The small-scale variability of the detrended and deseasoned sea-level halosteric component (Fig. 14) does not reconcile with the good agreement between tide-gauge sea-level signals and the ALES-reprocessed altimetry dataset. Indeed, to compare the two datasets, we have averaged the satellite altimetry observations over an area a few hundred kilometres wide around each tide gauge. However, Fig. 14 suggests that the estimates of the halosteric component can change significantly over an area of this size. Furthermore, while this component has a magnitude comparable to that of the detrended, deseasoned SLA (not shown), it only explains a small fraction (from 3 % to 11 %) of the difference between the sea-level signals from altimetry and the tide gauges.
Future work is thus warranted to understand whether the small-scale variability of the halosteric component of the sea level along the Norwegian coast results from measurement issues. For example, ocean salinity is measured approximately once a week at Skrova and approximately twice a month at the remaining hydrographic stations: this aliases the sub-weekly salinity variations into the lower-frequency components and, consequently, might significantly alter the monthly mean salinity values. A new study, which takes benefit from ships of opportunity as well as synergies between different observational platforms and ocean models, could help clarify this issue.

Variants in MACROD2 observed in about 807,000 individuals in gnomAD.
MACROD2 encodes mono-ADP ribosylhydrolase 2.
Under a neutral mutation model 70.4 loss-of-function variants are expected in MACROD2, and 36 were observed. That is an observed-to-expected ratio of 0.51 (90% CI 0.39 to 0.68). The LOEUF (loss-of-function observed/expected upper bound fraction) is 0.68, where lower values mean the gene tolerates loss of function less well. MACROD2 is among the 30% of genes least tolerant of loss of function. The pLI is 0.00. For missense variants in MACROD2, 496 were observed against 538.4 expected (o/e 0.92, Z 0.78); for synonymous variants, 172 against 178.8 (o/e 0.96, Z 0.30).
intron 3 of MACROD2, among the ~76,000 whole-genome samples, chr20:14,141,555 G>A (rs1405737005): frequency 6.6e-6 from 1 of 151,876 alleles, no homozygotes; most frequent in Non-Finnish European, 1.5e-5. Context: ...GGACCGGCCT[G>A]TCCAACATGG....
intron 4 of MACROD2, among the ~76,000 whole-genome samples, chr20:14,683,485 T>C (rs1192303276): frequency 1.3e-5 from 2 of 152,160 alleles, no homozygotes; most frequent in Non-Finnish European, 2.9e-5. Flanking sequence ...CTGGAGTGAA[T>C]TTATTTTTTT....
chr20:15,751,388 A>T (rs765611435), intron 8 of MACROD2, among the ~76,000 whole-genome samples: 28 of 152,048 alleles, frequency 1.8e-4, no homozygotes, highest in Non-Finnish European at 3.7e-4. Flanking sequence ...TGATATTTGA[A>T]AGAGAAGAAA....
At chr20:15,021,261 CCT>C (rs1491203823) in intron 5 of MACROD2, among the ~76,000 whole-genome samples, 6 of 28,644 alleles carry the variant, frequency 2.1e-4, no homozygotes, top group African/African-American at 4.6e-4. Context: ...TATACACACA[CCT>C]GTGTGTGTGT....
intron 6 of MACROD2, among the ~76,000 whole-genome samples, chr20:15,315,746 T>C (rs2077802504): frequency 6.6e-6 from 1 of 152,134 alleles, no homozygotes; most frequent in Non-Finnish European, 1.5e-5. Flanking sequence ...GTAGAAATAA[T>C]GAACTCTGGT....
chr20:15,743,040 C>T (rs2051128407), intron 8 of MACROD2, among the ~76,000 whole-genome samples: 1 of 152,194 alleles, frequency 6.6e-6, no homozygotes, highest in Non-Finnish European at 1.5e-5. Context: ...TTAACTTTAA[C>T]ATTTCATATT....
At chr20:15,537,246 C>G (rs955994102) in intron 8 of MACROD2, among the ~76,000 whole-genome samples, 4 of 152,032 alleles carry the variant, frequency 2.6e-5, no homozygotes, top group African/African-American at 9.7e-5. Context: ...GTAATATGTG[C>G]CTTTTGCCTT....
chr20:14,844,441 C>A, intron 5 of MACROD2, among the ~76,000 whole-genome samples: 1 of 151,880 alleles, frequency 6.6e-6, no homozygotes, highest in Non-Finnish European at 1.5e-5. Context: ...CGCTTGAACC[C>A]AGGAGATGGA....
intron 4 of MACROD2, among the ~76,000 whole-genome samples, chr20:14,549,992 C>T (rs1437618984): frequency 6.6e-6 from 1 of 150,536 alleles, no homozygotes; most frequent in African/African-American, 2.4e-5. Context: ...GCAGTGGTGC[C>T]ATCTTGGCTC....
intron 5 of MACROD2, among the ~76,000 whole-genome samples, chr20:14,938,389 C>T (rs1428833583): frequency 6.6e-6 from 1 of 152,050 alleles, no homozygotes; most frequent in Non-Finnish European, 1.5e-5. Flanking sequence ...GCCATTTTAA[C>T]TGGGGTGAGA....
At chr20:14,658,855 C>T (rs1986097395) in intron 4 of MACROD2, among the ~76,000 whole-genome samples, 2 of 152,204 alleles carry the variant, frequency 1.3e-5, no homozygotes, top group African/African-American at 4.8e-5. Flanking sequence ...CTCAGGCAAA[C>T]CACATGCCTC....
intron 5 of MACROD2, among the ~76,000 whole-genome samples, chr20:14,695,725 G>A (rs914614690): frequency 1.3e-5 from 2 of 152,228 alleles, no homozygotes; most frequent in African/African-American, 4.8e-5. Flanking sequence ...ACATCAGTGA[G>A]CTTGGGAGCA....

To conclude, we have demonstrated the advantage of the ALES retracker over the conventional open-ocean retracker along the coast of Norway. The retracking of earlier altimeter missions would, however, be necessary to provide a more accurate estimate of the sea-level variability along the coast of Norway and could possibly be used to understand whether the sea-level rise in the region is accelerating. Still, this paper gives confidence that the ALES-reprocessed altimetry dataset can be fruitfully used to measure coastal sea-level variations in regions poorly covered by tide gauges.